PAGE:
£5 and £10 notes

The Royal Mail has announced it will introduce new £5 and £10 polymer (plastic) bank notes to improve the security and quality of UK bank notes. The £5 note will be introduced in September 2016 and the £10 note will follow in 2017.

While the vending industry supports the need to reduce counterfeit currency and provide bank notes that are more durable and cleaner, the costs incurred by members of the Automatic Vending Association to upgrade vending machines to accept yet another change in currency is a concern.

Upgrading affected vending machines in the UK is expected to mean a large financial outlay for some of our worst affected members – those that are responsible for a high number of note-accepting machines.

The vending industry must pay for the changes out of their own purse as they are not eligible for financial support to help cover the costs.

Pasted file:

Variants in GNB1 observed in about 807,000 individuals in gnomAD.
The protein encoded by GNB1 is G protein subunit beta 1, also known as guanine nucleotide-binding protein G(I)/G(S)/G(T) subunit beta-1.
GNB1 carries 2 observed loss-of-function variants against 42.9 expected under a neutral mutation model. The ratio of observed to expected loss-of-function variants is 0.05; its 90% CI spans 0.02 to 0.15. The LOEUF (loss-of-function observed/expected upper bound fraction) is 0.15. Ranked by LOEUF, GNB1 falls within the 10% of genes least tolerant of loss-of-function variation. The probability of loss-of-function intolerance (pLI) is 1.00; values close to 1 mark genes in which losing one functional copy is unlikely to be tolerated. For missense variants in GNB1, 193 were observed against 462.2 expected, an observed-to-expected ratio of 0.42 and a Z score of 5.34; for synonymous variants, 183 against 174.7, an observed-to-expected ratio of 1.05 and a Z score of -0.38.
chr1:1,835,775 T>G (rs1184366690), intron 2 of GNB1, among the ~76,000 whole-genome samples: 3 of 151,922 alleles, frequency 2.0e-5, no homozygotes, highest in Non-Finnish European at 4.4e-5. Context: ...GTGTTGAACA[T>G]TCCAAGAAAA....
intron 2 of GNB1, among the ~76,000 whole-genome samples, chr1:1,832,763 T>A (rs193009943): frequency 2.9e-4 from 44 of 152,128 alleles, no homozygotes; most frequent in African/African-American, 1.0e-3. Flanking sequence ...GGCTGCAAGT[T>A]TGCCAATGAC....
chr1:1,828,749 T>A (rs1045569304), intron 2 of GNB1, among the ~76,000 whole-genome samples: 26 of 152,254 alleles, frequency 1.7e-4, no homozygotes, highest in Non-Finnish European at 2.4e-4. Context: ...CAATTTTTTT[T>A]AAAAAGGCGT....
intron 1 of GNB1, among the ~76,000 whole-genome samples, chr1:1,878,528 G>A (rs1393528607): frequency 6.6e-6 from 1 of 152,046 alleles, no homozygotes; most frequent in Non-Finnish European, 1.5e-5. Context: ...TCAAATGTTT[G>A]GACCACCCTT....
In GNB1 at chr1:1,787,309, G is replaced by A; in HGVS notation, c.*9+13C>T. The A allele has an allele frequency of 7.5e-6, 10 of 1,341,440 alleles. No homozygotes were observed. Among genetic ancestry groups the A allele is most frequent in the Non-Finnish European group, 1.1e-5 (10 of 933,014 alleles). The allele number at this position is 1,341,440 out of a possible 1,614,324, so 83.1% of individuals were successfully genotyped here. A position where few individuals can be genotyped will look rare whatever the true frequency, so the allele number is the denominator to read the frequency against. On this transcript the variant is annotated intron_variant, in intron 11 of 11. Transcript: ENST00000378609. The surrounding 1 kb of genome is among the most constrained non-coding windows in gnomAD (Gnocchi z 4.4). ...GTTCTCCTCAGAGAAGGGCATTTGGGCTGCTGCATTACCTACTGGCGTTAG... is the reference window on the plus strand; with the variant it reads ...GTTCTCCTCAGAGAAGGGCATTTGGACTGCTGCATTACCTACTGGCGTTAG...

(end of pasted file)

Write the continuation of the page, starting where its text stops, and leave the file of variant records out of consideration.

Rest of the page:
There also isn’t much time to upgrade – the old £5 notes will fall out of circulation around one year after the new ones are introduced, allowing a relatively small window of time to upgrade any affected machines.

In 1998, the £2 coin was brought into circulation. In January 2012, the Royal Mint gradually introduced new nickel plated 5p and 10p coins. Next year the UK will get a new £1 coin, which will mean even more software upgrades to our machines – of which the majority will be affected.

The frequency of these changes comes at a huge cost, and poses a very real threat to the businesses of some of our members, many of which have been providing an invaluable unattended retail service for many years.